Chief Rabbi Amar: We Have Done Ethiopian Jewry a Grievous Wrong
Chief Sephardi Rabbi Shlomo Amar said Monday during a joint meeting with the Knesset’s Internal Affairs and Environment Committee that “the State of Israel, the Chief Rabbinate included, has done Ethiopia’s Jews a grievous wrong.
“We are all culpable, and we are all to blame for not bringing Ethiopia’s Jewry home with the rest of the Jewish people,” said Rabbi Amar, following a heated debate concerning governmental policy towards Ethiopian immigrants. “No amount of heartfelt words can change that fact.”
According to data presented to the committee, over 8,000 members of Ethiopia’s Falash Mura, the descendants of Jews who converted to Christianity to escape discrimination at the end of the 19th century, but later returned to Judaism, are still waiting in Gondar to make aliyah to Israel, because the Ministry of the Interior is continuing this process at a snail’s pace.
“There are many cases in which Ethiopian parents already in Israel wait years for their children to make aliyah,” said Avraham Nagosa, the Ethiopian community’s representative.
Rabbi Amar urged the government to find practical solutions for the Falash Mura’s plight, and to allow for their rapid conversion to Judaism. “I call on the Internal Affairs Committee, the ministers of the interior and of religious affairs, and the prime minster, to send rabbis to Ethiopia in order to allow the Falash Mura to quickly convert and make aliyah, and to and rescue them from the truly horrible situation that they currently find themselves in,” said Rabbi Amar.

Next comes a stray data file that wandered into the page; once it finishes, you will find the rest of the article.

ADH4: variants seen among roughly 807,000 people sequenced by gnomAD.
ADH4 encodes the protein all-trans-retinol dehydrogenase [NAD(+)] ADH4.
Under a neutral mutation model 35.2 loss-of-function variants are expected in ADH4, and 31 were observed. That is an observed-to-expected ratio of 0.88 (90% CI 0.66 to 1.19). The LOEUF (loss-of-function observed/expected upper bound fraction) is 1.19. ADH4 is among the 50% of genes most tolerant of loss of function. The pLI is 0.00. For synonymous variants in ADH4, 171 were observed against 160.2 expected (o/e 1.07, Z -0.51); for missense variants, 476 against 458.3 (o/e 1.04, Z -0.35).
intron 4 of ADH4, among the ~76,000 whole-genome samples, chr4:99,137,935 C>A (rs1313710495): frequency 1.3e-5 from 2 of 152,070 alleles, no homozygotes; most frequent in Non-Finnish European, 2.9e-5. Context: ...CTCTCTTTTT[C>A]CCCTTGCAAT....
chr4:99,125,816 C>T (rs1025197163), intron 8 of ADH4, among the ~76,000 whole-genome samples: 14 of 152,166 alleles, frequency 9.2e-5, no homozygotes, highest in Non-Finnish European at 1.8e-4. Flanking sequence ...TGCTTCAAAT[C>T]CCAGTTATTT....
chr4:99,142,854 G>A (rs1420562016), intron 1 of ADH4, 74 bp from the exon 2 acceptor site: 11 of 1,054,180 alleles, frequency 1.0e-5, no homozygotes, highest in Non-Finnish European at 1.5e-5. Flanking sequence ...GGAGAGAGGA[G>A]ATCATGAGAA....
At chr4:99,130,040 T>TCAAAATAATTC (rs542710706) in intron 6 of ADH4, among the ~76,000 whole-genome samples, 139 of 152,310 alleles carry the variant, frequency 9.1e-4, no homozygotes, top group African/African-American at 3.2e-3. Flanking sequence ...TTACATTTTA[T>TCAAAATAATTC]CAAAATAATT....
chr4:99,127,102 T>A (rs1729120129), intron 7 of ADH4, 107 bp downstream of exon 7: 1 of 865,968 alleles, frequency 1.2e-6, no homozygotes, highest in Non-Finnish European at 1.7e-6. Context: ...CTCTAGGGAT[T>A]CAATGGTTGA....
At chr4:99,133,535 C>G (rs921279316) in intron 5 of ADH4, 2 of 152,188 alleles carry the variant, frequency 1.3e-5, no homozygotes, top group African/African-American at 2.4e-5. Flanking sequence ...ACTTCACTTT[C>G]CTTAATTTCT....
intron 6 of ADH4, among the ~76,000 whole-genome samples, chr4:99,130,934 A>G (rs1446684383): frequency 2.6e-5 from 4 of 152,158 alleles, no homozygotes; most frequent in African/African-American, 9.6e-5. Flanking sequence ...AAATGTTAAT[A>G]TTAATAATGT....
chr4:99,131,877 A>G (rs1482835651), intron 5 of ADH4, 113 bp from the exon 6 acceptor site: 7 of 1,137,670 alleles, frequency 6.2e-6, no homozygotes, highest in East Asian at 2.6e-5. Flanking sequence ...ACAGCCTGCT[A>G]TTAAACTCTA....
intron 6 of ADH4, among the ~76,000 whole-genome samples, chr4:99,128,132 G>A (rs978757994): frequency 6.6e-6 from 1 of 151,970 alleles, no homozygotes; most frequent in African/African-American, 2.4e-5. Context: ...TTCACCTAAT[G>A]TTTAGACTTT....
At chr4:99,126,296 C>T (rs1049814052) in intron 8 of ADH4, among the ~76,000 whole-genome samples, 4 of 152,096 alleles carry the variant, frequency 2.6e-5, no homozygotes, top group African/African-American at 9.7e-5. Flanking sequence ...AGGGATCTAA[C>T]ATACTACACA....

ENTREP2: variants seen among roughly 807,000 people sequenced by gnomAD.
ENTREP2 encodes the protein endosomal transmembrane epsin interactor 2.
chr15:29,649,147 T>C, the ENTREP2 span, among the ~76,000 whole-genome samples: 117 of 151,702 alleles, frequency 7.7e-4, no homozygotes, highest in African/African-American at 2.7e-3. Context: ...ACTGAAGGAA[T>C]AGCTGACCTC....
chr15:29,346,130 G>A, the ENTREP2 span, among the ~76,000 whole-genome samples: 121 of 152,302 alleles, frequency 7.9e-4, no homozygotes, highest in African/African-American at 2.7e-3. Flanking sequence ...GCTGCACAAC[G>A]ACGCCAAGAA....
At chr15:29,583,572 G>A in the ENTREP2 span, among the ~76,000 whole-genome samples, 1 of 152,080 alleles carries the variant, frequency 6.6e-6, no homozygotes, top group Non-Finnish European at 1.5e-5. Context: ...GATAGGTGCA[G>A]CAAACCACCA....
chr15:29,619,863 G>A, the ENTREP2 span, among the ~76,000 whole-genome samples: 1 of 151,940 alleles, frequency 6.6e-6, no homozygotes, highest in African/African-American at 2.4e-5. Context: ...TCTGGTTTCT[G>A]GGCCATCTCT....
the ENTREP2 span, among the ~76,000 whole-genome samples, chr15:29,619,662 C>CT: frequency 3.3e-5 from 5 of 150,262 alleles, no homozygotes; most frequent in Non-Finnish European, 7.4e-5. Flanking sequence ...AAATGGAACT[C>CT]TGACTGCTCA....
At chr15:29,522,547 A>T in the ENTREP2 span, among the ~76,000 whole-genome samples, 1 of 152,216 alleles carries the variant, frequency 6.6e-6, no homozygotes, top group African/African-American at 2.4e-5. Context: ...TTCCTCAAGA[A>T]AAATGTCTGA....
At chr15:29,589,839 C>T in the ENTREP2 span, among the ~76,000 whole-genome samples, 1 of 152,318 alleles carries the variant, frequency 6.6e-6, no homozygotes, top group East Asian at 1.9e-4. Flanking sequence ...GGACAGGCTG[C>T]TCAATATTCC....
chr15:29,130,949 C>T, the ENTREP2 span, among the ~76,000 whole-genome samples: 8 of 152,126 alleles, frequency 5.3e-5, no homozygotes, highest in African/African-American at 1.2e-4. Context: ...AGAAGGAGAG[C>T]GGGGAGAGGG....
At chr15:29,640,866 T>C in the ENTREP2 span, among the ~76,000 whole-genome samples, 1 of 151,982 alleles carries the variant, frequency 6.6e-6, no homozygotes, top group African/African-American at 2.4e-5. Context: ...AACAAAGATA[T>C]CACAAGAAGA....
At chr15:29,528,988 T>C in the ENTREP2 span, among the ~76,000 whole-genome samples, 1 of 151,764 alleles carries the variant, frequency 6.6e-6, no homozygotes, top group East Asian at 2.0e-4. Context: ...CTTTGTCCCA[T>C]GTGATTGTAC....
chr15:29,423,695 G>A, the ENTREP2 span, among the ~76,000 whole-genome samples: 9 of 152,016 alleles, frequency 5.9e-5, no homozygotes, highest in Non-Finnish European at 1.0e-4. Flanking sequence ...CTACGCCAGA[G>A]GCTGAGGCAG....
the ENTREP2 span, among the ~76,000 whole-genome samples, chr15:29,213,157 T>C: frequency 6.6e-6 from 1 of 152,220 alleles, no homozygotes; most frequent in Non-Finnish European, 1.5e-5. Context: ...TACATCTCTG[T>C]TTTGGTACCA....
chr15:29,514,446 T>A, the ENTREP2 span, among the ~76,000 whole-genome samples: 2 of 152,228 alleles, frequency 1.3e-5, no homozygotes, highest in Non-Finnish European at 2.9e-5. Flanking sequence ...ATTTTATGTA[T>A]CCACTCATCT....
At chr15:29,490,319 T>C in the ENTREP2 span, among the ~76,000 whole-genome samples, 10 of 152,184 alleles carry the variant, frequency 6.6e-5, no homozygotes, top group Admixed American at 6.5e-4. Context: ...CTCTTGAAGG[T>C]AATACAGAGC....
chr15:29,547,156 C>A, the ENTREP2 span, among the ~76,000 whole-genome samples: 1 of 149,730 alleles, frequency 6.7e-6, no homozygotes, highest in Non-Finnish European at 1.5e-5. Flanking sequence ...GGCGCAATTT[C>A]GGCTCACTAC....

The committee further noted that the plight endured by Ethiopian Jews highlights just how cumbersome and difficult the current conversion process actually is. “We urge the religious establishment to ease the conversion process not only for Ethiopians, but for anyone who wishes to join the Jewish faith,” committee members told the chief rabbi.
The chief rabbi, in turn, agreed to establish a committee to examine the current conversion process and see how it can be amended and improved. “Converts still learn about Judaism just as they did 60 years ago, and we must find a way to make this process more ‘user friendly’ and not burden new converts with unnecessary study,” conceded the rabbi.
Ethiopians segregated in religious school system
Committee members also discussed the near segregation faced by many Ethiopian students in Israel’s religious school system. “Many religious schools do not accept Ethiopian students,” said Nagosa. “One Petach Tikva school, for instance, is 90% Ethiopian because other schools refuse to accept Ethiopian pupils, which is a real travesty.”
Internal Affairs and Environment Committee Chairman, MK Ophir Pines-Paz (Labor), stated that such schools’ policies are blatant, ugly racism. Rabbi Amar responded by noting that “Ethiopians love the Torah and are observant at heart. There are certain difficulties in integrating them into the Israeli education system, but I met with Petach Tikva educational officials and together we formulated a plan to fully integrate Ethiopian students with their fellow classmates.”
The rabbi concluded the committee meeting by stating that he was thrilled by Ethiopian immigration to Israel and “is very glad that these are the problems that we must now address and tackle.”
The Reform Movement responded by noting that “the rabbinic establishment does not really want to help new immigrants convert to Judaism, and such statements are merely smoke and mirrors.”